President Biden is likely to succeed in raising taxes on the wealthy — but not as much as he is proposing, experts said.
Biden introduced Wednesday night the American Families Plan, a $1.8 trillion package of spending to expand education, childcare, nutrition and other programs and establish national paid family and medical leave.
He would pay for his ambitious social policy reform by raising taxes on high-income earners. His proposals include boosting the highest individual rate to 39.6% for people making more than $400,000 annually, increasing capital gains rates from 20% to more than 40% for households making more than $1 million annually and ending the step-up basis for inherited assets for capital gains in excess of $1 million.
Earlier this year, Biden floated the American Jobs Plan, a $2.3 trillion package incorporating spending on physical infrastructure, workforce development and manufacturing. He proposed paying for it by raising corporate tax rates from 21% to 28%.
Biden outlined the American Families Plan in an address to Congress. But the narrow Democratic majorities in the House and Senate provide plenty of political obstacles that could prevent his tax plans from becoming a reality — at least as he laid them out.
“I’m confident that by year’s end, corporate rates, capital gains rates and individual rates are going up,” said Brian Gardner, chief Washington policy strategist at Stifel Financial Corp. “I’m less confident to what level they’re going up.”
For instance, Biden may have to settle for a capital gains rate of around 30% and make other compromises.
Already, trade associations representing business are pushing back against some of Biden’s plans. Biden is unlikely to get any support from congressional Republicans.
Moderate Democrats in the House and the Senate — where 50 Democrats maintain control only by virtue of the vote of Vice President Kamala Harris — also may be reluctant to boost taxes substantially, especially if they represent districts or states won in 2020 by former President Donald Trump.
“I think we’ll get something but it won’t be as dramatic as the Biden proposal,” said Greg Valliere, chief U.S. strategist for AGF Investments. “You can make the case that the final bill will be tolerable for investors because of the lobbying pressure against it.”
Democrats will rally and push through some version of the Biden tax increases, said Jorge Castro, a member at the law firm Miller & Chevalier.
“You’re definitely going to have one major tax bill passed, and it’s going to include tax increases,” said Castro, a former Democrat tax aide on the House Ways and Means and Senate Finance Committees. “They’re willing to make the necessary concessions within their party dynamic to make it happen.”
REWARDING WORK, NOT WEALTH
Biden said his tax changes are designed to “reward work not just wealth” and he stressed that he wants Americans who earn a lot of money to pay their fair share of taxes.
“We’re going to get rid of the loopholes that allow Americans who make more than a million dollars a year and pay a lower tax rate on their capital gains than Americans who receive a paycheck,” Biden said in his address to Congress. “We’re only going to affect three-tenths of 1 percent of all Americans by that action.”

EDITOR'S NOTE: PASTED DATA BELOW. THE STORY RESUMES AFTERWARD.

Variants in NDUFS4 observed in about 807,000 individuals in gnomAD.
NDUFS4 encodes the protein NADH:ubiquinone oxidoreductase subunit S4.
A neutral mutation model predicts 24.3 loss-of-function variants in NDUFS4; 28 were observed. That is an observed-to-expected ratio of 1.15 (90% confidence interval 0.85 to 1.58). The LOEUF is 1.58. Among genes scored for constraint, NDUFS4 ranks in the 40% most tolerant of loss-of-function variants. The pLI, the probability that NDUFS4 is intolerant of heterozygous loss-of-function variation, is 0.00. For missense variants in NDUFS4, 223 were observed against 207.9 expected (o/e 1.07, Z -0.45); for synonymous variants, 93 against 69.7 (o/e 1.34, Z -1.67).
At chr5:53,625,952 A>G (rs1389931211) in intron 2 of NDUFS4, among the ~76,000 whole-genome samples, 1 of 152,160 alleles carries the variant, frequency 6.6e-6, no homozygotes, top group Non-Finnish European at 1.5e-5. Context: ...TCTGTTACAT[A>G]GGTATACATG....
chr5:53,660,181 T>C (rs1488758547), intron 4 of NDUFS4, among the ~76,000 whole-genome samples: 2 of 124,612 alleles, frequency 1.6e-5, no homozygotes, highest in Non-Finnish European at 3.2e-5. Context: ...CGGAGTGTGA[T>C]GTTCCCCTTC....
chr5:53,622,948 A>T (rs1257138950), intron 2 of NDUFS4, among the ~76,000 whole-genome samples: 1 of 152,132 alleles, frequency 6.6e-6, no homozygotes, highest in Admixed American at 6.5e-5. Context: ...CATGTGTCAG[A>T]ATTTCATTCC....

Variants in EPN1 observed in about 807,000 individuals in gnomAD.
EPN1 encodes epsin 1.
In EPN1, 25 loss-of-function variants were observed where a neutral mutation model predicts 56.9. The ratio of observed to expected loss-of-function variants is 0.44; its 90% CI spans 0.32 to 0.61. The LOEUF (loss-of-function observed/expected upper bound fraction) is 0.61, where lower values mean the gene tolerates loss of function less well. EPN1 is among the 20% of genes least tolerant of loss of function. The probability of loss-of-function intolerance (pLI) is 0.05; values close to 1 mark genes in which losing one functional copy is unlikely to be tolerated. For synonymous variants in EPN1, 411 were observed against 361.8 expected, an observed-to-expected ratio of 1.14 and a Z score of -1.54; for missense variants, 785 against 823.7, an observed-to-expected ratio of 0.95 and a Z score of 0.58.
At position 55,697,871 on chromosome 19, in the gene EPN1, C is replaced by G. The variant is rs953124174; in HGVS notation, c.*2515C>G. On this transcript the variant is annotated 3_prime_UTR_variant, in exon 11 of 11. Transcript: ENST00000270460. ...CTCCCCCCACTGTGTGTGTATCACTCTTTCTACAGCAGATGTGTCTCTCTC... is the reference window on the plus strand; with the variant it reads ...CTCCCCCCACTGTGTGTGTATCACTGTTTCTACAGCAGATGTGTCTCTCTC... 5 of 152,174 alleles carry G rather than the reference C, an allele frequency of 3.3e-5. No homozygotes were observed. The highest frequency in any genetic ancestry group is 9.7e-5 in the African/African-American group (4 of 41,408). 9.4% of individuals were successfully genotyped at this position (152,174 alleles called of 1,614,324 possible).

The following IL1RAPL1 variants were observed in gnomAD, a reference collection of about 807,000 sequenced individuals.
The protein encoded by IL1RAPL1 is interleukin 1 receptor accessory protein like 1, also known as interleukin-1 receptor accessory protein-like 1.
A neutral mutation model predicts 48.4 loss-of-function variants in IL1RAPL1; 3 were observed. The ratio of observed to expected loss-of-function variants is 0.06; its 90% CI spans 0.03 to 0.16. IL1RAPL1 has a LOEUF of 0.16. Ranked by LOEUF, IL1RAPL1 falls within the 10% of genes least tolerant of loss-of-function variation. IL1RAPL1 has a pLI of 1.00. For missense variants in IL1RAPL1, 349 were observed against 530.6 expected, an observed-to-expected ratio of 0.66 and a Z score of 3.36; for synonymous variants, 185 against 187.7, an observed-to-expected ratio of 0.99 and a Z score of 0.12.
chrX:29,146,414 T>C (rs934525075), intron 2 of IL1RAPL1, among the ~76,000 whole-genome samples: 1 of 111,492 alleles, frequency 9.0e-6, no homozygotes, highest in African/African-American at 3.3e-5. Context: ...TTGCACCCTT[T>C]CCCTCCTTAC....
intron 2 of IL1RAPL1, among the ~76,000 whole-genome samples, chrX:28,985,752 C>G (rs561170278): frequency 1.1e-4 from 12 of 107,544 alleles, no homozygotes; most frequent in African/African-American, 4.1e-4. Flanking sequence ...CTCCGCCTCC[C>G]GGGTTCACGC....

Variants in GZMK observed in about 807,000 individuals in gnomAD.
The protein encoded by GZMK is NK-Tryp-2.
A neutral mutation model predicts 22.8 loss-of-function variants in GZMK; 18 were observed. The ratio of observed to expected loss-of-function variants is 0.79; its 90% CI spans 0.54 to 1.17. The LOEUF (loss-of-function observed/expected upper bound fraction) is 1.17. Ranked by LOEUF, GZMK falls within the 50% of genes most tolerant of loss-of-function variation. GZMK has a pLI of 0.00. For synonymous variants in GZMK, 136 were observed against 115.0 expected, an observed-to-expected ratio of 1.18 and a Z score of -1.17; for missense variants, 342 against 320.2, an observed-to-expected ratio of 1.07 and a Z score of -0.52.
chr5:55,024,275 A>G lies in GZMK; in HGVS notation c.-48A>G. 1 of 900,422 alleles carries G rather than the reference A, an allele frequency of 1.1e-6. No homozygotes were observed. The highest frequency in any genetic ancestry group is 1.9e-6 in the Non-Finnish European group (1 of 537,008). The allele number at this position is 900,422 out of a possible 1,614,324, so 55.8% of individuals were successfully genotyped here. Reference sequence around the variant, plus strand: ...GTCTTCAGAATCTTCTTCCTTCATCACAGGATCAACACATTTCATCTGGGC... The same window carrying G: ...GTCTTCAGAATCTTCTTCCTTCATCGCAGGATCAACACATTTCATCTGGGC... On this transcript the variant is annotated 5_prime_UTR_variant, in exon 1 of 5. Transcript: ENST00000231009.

But the political reality may be different for some Democrats in their districts and states.
They’ll get pressure from constituents owning businesses and farms who will have to pay higher capital gains taxes when they sell their operations and are “rich for a day,” said Dean Zerbe, national managing director of alliantgroup, a Houston-based tax services firm.
“At the level Biden is proposing, it will not raise that much money on the margin, and it will make [lawmakers] uncomfortable with the policy,” said Zerbe, a former tax counsel for Republicans on the Senate Finance Committee. “What they’re going to have to deal with is a parade of small businesses and family farmers.”
LONG ODDS FOR FTT, WEALTH TAXES
If Biden will have a tough time getting his tax proposals through Congress, there’s likely even less hope for items he left out of his congressional address.
For instance, he did not mention a financial transactions tax or a wealth tax. He also talked about permanently lowering premiums for the Affordable Care Act, but he didn’t bring up legislation recently introduced to expand Medicare eligibility to people who are 50 years old.
The problem is that there are disagreements among Democrats about those policies. Anything less than unity makes congressional approval difficult if not impossible because of the party’s thin margins in the House and Senate.
“The problem for Democrats is they didn’t do as well as they hoped in November,” Valliere said. “There’s virtually no chance there would be a financial transactions tax or a wealth tax. I don’t see the votes there.”
Democrats didn’t build a mandate during the election for the liberal wish-list items, Zerbe said.
“Those are ambitious proposals, but I don’t think they’ve laid the groundwork and justification for them,” he said.
Many Democrats don’t want to reopen the health care debate right now. But that sentiment might change if the party keeps moving left, Gardner said.
“It’s something I’m looking at for consideration down the road,” he said.
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As our second lead editor, Cindy Hamilton covers health, fitness and other wellness topics. She is also instrumental in making sure the content on the site is clear and accurate for our readers. Cindy received a BA and an MA from NYU.